Comm Class Exercise Generates Soccer Balls for African Children
Posted: August 11, 2008 at 1:00 am, Last Updated: November 30, -0001 at 12:00 am
By Nick Walker
Communication Professor Melinda Villagran has come up with a unique way of helping children halfway across the world while teaching her students about working in teams.
This was done through Villagran’s Organizational Communication Class, also known as Comm 335.
“One of the major objectives of organizational communication is to explore theory and skills related to working in teams,” Villagran says.
“In the past, I have always done team-building exercises, but this time my students expressed interest in working on a project related to our troops.”
Several of her students knew that her husband is a public affairs officer with the U.S. Marine Corps and would ask her about his work.
Maj. Paul Villagran is currently deployed as part of the Combined Joint Task Force, Horn of Africa (CJTF HoA).
“Paul noticed that at some of the medical events the doctors come out and hundreds of people are waiting in line,” his wife says. “The kids have nothing. They just stand and wait. So we were thinking, with my class, we could donate something for the kids.
“This was not something I required, but an optional opportunity that the students elected to undertake,” she adds. “Comm 335 is a team-based class, so I put out a challenge to each team.”
Each team was tasked to collect 25 soccer balls, for a total of 125 balls. The catch was that the students couldn’t spend any of their own money.
“Here, soccer is number one,” says Paul Villagran, speaking from his base in Djibouti. “It has a significant space in the culture here, and all they need to play is a ball. They don’t have a whole lot else.”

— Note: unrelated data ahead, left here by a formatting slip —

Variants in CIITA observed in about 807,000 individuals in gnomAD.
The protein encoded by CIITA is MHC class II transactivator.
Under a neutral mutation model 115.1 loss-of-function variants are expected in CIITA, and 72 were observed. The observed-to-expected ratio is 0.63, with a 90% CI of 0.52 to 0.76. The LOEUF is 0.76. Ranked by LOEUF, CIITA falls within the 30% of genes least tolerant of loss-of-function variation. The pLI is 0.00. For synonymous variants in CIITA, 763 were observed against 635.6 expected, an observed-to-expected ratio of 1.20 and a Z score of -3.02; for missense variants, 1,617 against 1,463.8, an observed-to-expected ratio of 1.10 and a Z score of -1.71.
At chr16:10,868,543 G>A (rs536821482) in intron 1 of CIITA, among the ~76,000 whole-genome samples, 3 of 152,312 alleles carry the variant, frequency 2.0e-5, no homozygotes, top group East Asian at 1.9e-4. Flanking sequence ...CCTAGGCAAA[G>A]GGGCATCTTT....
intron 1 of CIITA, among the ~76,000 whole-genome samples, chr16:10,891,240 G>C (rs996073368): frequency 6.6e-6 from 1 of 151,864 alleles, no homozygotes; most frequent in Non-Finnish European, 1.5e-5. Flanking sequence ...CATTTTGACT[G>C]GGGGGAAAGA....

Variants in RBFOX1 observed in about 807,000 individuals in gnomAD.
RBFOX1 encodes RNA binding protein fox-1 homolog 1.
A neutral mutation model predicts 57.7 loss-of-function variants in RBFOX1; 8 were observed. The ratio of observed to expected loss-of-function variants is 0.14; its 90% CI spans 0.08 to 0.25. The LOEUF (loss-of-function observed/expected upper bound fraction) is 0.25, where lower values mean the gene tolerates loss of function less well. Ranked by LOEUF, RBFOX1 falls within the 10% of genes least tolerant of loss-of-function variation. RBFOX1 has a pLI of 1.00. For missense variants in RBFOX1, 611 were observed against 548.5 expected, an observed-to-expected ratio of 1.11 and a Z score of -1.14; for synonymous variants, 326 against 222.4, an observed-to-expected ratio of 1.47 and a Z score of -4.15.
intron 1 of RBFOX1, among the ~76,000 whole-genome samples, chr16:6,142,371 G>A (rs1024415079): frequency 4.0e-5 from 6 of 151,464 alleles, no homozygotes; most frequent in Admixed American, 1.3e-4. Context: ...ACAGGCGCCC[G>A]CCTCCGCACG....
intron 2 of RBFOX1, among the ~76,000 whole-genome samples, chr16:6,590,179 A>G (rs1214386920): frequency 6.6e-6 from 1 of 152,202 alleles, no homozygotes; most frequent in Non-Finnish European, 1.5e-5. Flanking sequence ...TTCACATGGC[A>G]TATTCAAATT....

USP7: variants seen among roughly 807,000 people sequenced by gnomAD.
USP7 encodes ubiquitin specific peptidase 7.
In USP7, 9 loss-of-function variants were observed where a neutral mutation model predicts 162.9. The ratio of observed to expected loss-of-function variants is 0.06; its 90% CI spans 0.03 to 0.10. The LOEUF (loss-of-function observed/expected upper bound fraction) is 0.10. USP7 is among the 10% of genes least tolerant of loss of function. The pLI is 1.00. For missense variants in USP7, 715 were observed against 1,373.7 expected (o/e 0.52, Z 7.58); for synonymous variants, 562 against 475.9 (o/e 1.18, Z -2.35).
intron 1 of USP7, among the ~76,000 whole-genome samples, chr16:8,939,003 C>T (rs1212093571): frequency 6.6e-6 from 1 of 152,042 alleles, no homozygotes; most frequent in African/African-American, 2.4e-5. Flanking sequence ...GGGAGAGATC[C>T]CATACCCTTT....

“My students got really creative,” says the professor. “One student involved a local kid’s soccer team, and another created a Facebook group. A lot of Mason students grew up playing soccer and still had old soccer balls out in the garage they could deflate and ship to Africa.
“It just grew and grew, and in the end we had 280 soccer balls.”
Some of the teams also donated soccer shoes, socks, jerseys and pads. Patricia Ellison, one of Villagran’s students, used a family connection to obtain some of this additional equipment.
“My nephew, Keith Collins, coaches soccer and is heavily involved in soccer leagues for kids,” Ellison says. “Keith and his many soccer buddies were more than willing to donate all sorts of soccer equipment, and we gratefully took all donations. Keith and I were more than happy for this opportunity to contribute to the troops and these kids. It was our privilege to help out.”
Professor Villagran paid the cost of shipping herself, but she needed only to send the equipment to Norfolk; the military handled the remainder of the shipping.
“The efforts of my students are directly and immediately impacting the lives of these kids in Africa, and I think it is fantastic,” she says.
“After the exercise, the students wrote a reflection about their own communication strengths and weaknesses in their team. The goal was to explore communication as a tool for mobilization, activation and coordination of teams.”
Paul Villagran says the Marines have distributed the soccer balls to kids throughout the Horn of Africa, in Northern Kenya, Ethiopia, Uganda and Djibouti.
“The reception is tremendous, the kids love having them, and we never have enough. Some of the Marines here have set up soccer tournaments for kids.
“To the students back at Mason, even though they didn’t get to see the impact, it was huge for the kids,” he says. “Any time I get soccer balls here, my unit of Marines can’t wait to take them into town the next day. It’s a great opportunity to meet the community. Even if it’s just a slight difference in their lives, it’s something to be a part of.”
Photos from CJTF HoA may be found online.